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Edisa Weeks— "Elephant Dreams"

by Lori Ortiz
January 25, 2009
Joyce Soho
155 Mercer Street
New York, NY 10012
212-431-9233
I finally got to one of Edisa Weeks concerts, "Elephant Dreams." There is not a lot of dance in this dance-theater work. But at the Joyce's littler SoHo sister, the more experimental, white-box theater, we take pot-luck.

Strangely, the character whose movement I enjoyed most was not one of the dancers, but Joseph Merrick, the Elephant Man, played by Johnny Lops. As in the Bernard Pomerance play, he portrays the character without the benefit of costume, makeup, or special effects. His body movements express the deformity. Apparently, because of his deformities, his voice doesn't project well; at times he speaks into his desk. We're supposed to want to avert our eyes from him, but he's the most engaging to watch.

Three dance the final dreams of Merrick, in an unexceptional number. A trio of pink elephants highlights his uncomfortable predicament. A dark, gas-masked, band-of-thugs are nightmarish demons. A circus ringleader, a doctor bound for heroism, Godzilla, and an evangelist try to tie together the dreamlike collage of issues and images in this reimagining. At two hours, and without intermission, our eyes glaze over. We sit on folding chairs and literally become an audience for the doctor's scientific lecture. But if "Elephant Dreams" loses its momentum, it has some lovely dance moments.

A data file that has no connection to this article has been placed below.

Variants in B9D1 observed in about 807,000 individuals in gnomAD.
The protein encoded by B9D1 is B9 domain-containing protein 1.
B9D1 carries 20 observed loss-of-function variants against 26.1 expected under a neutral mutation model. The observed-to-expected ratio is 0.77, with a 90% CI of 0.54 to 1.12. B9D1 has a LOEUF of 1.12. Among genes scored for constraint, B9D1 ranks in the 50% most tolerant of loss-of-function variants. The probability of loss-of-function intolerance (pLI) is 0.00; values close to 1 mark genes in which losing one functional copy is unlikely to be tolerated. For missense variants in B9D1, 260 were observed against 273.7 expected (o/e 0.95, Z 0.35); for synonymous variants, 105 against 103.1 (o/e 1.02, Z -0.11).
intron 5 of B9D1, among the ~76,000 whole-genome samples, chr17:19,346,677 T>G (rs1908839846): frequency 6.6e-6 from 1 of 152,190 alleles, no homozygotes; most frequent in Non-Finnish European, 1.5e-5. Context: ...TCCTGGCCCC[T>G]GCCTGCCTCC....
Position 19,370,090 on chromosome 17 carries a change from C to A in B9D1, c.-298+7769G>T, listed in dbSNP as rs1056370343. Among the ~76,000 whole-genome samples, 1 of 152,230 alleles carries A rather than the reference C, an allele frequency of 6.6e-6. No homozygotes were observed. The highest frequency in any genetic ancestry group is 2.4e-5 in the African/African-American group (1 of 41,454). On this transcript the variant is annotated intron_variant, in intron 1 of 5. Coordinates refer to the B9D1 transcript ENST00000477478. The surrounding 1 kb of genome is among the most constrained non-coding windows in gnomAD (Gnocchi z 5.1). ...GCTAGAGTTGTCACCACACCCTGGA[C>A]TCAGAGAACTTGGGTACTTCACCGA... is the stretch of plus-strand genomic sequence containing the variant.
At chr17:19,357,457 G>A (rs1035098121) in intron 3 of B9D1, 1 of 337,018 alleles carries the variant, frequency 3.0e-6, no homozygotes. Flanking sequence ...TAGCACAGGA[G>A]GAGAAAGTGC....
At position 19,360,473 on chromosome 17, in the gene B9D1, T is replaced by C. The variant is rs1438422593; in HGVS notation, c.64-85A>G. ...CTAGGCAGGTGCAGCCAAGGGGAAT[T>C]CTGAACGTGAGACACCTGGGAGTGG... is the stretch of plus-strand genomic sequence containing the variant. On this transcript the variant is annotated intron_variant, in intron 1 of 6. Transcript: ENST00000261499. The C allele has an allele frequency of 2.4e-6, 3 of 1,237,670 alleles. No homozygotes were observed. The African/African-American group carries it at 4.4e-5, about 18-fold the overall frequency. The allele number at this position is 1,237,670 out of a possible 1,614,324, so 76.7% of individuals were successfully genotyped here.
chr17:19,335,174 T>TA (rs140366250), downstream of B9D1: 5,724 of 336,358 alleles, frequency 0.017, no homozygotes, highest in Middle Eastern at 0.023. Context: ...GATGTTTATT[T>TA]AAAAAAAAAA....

A pas de deux of Merrick's only working upper appendage, with Mother's (Cristal Albomoz,) both encased in ill-fitting support stockings, is captivating and memorable. Another wonderful pas has Maxx Passion and Renata Hinrichs brought to Merrick's room to hearten, 'humanize,' and entertain him. Again, it is a dance of gloved hands. This time, white kid gloves. They 'rehearse' their upcoming mission in a dance of how-do-you-do greetings. Solomon Matea is a fellow patient who wordlessly visits Merrick with a sweet dance. The solo and duets make sense in the story and Weeks's choreographic genius glimmers there.

Busby Berkeley-style trios and larger groupings are kerfuffle. Weeks's supplementary video images complicate, conceptually, as much as they edify.

The acting is likable, but about twenty to thirty minutes could be trimmed. In the remaining time, something ought to coalesce about what warrants a revival of "The Elephant Man" in musical theater. "Elephant Dreams" does not inspire new realizations. The concept of "human" is explored again. In the sometimes cleverly convoluted dialogue, the doctors, an evangelist, and other ministers to Merrick, point out myths. For example, in a refrain of "Rules make us happy because they're for our own good."

According to the press materials, Merrick enters the world of Disney's "Dumbo: The Flying Elephant." This conflation prove's too high-flying for Merrick and for us. "Sometimes I think my head is so big because it is full of dreams." Like Merrick's final giving up, we also throw up our hands.

Tarik Davis is Doctor Treves. David Pringle, Michael Jay Henry, Jenni Hong and Jonathan Miles, seamlessly switch between several characters. Albomoz plays Mother and Martha Graham. In dreams, anything can happen.
Merrick Meets Merrick

Merrick Meets Merrick

Photo © & courtesy of Danielle Bock


Mother and Joseph

Mother and Joseph

Photo © & courtesy of Danielle Bock


Merrick's End

Merrick's End

Photo © & courtesy of Danielle Bock

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